Remembering the City as It Was

Even in retirement, I can’t visit my old police districts without reflecting on all the stories & people lost to history

By Joseph Padilla  |   Nov 30, 2018

“You worry too much,” my friend told me as we walked with our wives on the streets in the downtown section of Denver. I had just cautioned him to keep an eye out for someone walking behind us. I thought for a minute about what he said, and I replied,

“No, I’ve seen too much.”

We were in an area I knew well.  As a police officer, I spent many years patrolling these streets and am very familiar with what they had been like. It’s hard to forget the years of battling crime while chasing and fighting bad guys in these neighborhoods. It’s hard for me to not feel apprehensive when walking in an area I didn’t feel was safe, not too many years ago. I still see remnants of the criminal activity we dealt with; which the new people moving in are totally unaware of.

How Times Change

Since retiring I haven’t spent much time in inner-city Denver. But, after walking with our friends, I realized the Denver I know is changing. It’s becoming more affluent and many of the people I dealt with as a police officer are being priced out. Brew pubs, expensive restaurants, and unrecognizable trendy places are replacing the seedy bars, drug houses, and crime ridden areas I was familiar with.

Our friends live in a beautiful home in the heart of the city. Their neighborhood is undergoing a transformation similar to many areas of Denver. Property values are increasing, businesses are opening, and children play in parks once occupied by drug addicts and loitering drunks.

This is not an opinion on gentrification, but about the thoughts of what cops have seen, even when all outward signs of what happened there—the history—are disappearing.

According to Wikipedia, gentrification is described as “a process of renovating deteriorated urban neighborhoods by means of more affluent residents.” It goes on to state that “Gentrification often shifts a neighborhood’s racial/ethnic composition and average household income by developing new, more expensive housing, businesses and improved resources.”

Denver is a large, centrally located city and vibrant. It was bound to change. Despite rising home prices, and the hardships that creates for many, much of the change has been for the better.

Although the city is no longer the same, I still see it as it was. I spent years handling robberies, assaults, homicides, burglaries, traffic accidents and too many other calls to forget the victimization of people living there. When I return to these neighborhoods, the memories of what I saw comes rushing back.

I know this is the same for many retired cops and first responders. What we dealt with cannot be erased or forgotten. When driving on certain roads or intersections, I’m reminded of the people who lost their lives in traffic accidents. Driving by specific bars or businesses, I recall shootings or crimes that occurred in them. Many of the stores, apartment complexes, and homes that dot the city have unique memories I carry with me. For the young cops, this will happen to them one day.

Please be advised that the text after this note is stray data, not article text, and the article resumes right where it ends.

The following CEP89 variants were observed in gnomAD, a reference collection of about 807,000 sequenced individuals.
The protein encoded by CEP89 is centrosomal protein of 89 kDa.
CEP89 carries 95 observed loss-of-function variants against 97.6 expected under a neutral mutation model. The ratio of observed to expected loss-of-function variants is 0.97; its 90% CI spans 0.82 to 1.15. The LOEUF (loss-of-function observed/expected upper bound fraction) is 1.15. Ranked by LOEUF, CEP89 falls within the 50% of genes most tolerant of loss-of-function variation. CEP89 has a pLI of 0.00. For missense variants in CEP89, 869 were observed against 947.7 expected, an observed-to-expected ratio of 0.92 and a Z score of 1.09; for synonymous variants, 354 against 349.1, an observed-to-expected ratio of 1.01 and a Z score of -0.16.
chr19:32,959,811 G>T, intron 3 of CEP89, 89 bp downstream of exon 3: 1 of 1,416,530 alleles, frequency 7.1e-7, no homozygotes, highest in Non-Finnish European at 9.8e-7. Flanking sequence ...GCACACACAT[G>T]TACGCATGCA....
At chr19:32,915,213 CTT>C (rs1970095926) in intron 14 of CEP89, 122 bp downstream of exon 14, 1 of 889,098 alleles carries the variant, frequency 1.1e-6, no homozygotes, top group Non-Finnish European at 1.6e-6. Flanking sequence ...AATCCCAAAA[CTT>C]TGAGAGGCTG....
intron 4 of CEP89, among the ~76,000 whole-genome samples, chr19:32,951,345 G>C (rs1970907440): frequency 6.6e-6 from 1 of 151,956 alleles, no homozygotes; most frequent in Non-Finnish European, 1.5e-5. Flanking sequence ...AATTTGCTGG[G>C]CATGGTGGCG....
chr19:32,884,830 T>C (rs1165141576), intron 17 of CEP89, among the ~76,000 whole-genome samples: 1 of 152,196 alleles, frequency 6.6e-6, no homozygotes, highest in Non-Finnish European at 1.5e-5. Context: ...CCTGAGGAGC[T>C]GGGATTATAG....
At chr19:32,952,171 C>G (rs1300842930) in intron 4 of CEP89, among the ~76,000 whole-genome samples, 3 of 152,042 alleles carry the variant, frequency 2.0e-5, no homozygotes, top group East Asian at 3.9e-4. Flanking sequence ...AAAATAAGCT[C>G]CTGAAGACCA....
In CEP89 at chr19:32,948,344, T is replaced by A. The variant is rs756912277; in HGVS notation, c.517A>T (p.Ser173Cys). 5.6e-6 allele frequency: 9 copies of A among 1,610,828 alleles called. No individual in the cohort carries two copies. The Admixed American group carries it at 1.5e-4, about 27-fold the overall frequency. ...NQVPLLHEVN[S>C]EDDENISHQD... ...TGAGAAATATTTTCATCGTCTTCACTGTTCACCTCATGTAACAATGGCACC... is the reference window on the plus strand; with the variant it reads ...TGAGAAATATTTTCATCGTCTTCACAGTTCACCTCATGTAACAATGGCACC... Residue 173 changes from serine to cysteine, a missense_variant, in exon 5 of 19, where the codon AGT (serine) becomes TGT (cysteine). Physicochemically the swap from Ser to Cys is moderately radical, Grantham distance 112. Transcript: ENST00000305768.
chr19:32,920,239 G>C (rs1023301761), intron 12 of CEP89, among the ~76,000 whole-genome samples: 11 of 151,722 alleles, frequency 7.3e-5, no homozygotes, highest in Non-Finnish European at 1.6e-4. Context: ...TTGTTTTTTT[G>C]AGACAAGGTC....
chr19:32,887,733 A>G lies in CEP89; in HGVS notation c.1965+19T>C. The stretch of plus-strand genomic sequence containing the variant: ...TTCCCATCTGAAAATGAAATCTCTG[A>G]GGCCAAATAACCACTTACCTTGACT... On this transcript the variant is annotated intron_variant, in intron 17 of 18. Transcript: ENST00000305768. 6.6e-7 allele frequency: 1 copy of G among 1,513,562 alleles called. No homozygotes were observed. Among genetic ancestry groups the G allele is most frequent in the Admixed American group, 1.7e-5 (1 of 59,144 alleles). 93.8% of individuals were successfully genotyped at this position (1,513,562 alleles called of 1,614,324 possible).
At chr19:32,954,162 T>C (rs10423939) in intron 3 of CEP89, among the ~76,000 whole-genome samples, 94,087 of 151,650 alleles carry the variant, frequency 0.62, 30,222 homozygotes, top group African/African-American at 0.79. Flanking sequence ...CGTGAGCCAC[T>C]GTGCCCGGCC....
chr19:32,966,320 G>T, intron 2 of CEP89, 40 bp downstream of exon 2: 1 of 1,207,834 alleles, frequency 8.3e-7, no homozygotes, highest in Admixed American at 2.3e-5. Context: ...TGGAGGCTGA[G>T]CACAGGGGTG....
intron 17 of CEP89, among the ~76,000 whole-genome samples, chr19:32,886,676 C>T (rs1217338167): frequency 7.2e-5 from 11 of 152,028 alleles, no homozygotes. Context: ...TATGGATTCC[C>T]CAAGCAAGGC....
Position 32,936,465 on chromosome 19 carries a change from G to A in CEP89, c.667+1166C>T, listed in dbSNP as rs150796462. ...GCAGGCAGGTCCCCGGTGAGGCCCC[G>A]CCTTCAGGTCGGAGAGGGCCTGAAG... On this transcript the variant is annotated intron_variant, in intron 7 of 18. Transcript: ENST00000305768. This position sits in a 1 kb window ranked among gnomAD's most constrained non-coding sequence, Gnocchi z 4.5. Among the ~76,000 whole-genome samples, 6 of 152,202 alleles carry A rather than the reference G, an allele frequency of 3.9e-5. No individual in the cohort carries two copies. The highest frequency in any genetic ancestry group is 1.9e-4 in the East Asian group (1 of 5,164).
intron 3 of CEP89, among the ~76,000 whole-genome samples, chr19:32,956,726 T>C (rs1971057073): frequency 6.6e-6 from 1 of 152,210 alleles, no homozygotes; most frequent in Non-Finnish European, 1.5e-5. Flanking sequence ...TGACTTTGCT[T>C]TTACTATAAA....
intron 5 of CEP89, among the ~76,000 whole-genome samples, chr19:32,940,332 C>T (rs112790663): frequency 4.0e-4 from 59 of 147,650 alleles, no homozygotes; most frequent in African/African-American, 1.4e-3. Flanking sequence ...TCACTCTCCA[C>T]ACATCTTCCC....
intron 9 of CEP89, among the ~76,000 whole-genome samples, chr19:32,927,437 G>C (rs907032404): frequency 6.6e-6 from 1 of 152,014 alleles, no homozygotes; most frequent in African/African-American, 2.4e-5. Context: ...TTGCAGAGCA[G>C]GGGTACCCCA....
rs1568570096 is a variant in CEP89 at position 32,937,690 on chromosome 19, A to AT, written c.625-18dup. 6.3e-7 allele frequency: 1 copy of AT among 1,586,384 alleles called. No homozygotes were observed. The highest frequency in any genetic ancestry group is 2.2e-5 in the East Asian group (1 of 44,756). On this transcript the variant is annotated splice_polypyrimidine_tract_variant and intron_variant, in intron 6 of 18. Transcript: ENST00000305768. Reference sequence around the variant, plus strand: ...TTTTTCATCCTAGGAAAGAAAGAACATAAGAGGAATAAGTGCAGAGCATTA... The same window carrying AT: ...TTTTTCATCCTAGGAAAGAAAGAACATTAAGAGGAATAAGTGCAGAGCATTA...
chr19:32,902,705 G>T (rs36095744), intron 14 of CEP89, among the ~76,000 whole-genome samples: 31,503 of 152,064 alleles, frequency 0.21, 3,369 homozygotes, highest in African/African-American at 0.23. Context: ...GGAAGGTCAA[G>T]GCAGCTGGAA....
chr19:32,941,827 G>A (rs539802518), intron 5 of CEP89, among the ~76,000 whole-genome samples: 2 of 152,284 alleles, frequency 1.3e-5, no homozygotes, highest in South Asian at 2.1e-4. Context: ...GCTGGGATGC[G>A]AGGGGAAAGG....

Not all of the memories are tragic, of course. Several are of the wonderful people I’ve interacted with throughout the years, or the funny things that happened on the job. More than once I’ve started laughing without telling anyone why. When asked what was so funny, I just had to smile and say nothing: Some cop humor can’t be explained.

In fact, not much of what we’ve seen in our careers can be talked about. When driving with my family I’ve seen locations that reminded me of what I saw or did as a cop. It wouldn’t be fair to them to point out a store and say I remember a shooting in there or point out an apartment complex and describe a sexual assault that we handled inside of it. And some things are too difficult to talk about, such as where a fellow officer lost their life.

Conclusion

Much of what police officers have seen and dealt with is destined to become lost to a history of a distant time. This is how I’m starting to feel about Denver. So much of the outstanding work done by law enforcement officers I’ve worked with will never be known.

Only old crime reports filed away in police archives will document what actually happened in a city’s neighborhoods, but they don’t tell the entire story. Missing from them are the effect’s those crimes had on the people involved. To those who saw a city through the eyes of a cop, we will always remember it as it was.

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Joseph Padilla

Joseph Padilla

Captain Joseph Padilla (ret.) has commanded the Gang, Juvenile and Traffic Operations and Civil Liability/Professional Standards Bureaus of the Denver Police Department. He has managed several large events including the traffic and transportation plan for the Democratic National Convention, the World Series, Presidential visits, large protests, parades and other high profile activities. He previously served as the manager of the Investigative Support Center for the Rocky Mountain H.I.D.T.A. (High Intensity Drug Trafficking Area) program. During his thirty-plus year career Joe has survived several critical incidents, including being involved in fatal police shootings. He has received his department's Medal of Honor (including being nominated for the Presidential Medal of Valor), three Medals of Valor, two Distinguished Service Crosses and numerous other commendations. He is a graduate of the 235th session of the FBI National Academy and retired from law enforcement in 2015.
Joseph Padilla

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